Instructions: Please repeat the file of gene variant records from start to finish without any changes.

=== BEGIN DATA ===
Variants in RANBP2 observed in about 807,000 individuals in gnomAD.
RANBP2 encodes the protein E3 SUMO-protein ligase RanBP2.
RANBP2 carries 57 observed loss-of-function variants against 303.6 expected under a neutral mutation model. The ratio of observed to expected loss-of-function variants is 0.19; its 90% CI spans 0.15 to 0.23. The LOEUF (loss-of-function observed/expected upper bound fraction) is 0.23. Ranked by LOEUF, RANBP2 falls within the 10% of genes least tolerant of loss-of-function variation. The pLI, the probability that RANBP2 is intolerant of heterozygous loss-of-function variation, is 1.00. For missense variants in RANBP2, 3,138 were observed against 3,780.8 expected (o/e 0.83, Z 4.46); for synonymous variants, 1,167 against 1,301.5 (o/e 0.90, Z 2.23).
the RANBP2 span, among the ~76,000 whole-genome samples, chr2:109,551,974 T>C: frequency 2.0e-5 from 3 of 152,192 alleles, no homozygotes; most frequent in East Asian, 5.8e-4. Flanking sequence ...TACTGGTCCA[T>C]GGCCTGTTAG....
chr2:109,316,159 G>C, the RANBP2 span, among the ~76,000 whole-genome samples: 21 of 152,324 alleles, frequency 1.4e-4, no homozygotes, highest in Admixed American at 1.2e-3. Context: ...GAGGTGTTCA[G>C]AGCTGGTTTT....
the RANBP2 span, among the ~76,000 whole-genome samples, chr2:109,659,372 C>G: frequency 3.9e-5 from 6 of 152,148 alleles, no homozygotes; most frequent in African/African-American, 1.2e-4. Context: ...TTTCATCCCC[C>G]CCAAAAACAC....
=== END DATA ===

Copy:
Variants in RANBP2 observed in about 807,000 individuals in gnomAD.
RANBP2 encodes the protein E3 SUMO-protein ligase RanBP2.
RANBP2 carries 57 observed loss-of-function variants against 303.6 expected under a neutral mutation model. The ratio of observed to expected loss-of-function variants is 0.19; its 90% CI spans 0.15 to 0.23. The LOEUF (loss-of-function observed/expected upper bound fraction) is 0.23. Ranked by LOEUF, RANBP2 falls within the 10% of genes least tolerant of loss-of-function variation. The pLI, the probability that RANBP2 is intolerant of heterozygous loss-of-function variation, is 1.00. For missense variants in RANBP2, 3,138 were observed against 3,780.8 expected (o/e 0.83, Z 4.46); for synonymous variants, 1,167 against 1,301.5 (o/e 0.90, Z 2.23).
the RANBP2 span, among the ~76,000 whole-genome samples, chr2:109,551,974 T>C: frequency 2.0e-5 from 3 of 152,192 alleles, no homozygotes; most frequent in East Asian, 5.8e-4. Flanking sequence ...TACTGGTCCA[T>C]GGCCTGTTAG....
chr2:109,316,159 G>C, the RANBP2 span, among the ~76,000 whole-genome samples: 21 of 152,324 alleles, frequency 1.4e-4, no homozygotes, highest in Admixed American at 1.2e-3. Context: ...GAGGTGTTCA[G>C]AGCTGGTTTT....
the RANBP2 span, among the ~76,000 whole-genome samples, chr2:109,659,372 C>G: frequency 3.9e-5 from 6 of 152,148 alleles, no homozygotes; most frequent in African/African-American, 1.2e-4. Context: ...TTTCATCCCC[C>G]CCAAAAACAC....